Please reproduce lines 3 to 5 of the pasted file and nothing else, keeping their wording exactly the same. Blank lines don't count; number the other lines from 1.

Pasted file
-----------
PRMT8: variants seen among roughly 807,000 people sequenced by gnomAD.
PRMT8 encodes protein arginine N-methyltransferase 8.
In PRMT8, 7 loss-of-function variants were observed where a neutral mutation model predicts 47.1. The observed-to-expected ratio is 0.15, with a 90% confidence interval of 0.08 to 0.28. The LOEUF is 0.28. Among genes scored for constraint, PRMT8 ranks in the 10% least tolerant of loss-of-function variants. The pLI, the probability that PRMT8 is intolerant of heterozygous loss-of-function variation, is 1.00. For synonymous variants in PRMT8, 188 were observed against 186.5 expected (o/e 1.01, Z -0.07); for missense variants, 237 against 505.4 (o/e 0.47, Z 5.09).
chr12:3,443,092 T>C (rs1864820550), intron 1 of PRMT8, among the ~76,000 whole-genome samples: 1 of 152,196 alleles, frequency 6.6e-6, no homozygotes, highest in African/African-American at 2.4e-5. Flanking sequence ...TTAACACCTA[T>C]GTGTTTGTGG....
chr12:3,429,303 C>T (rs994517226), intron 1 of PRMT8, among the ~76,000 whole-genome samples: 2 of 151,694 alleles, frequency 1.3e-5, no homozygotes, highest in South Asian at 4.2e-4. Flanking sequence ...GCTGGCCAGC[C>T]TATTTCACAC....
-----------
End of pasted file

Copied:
In PRMT8, 7 loss-of-function variants were observed where a neutral mutation model predicts 47.1. The observed-to-expected ratio is 0.15, with a 90% confidence interval of 0.08 to 0.28. The LOEUF is 0.28. Among genes scored for constraint, PRMT8 ranks in the 10% least tolerant of loss-of-function variants. The pLI, the probability that PRMT8 is intolerant of heterozygous loss-of-function variation, is 1.00. For synonymous variants in PRMT8, 188 were observed against 186.5 expected (o/e 1.01, Z -0.07); for missense variants, 237 against 505.4 (o/e 0.47, Z 5.09).
chr12:3,443,092 T>C (rs1864820550), intron 1 of PRMT8, among the ~76,000 whole-genome samples: 1 of 152,196 alleles, frequency 6.6e-6, no homozygotes, highest in African/African-American at 2.4e-5. Flanking sequence ...TTAACACCTA[T>C]GTGTTTGTGG....
chr12:3,429,303 C>T (rs994517226), intron 1 of PRMT8, among the ~76,000 whole-genome samples: 2 of 151,694 alleles, frequency 1.3e-5, no homozygotes, highest in South Asian at 4.2e-4. Flanking sequence ...GCTGGCCAGC[C>T]TATTTCACAC....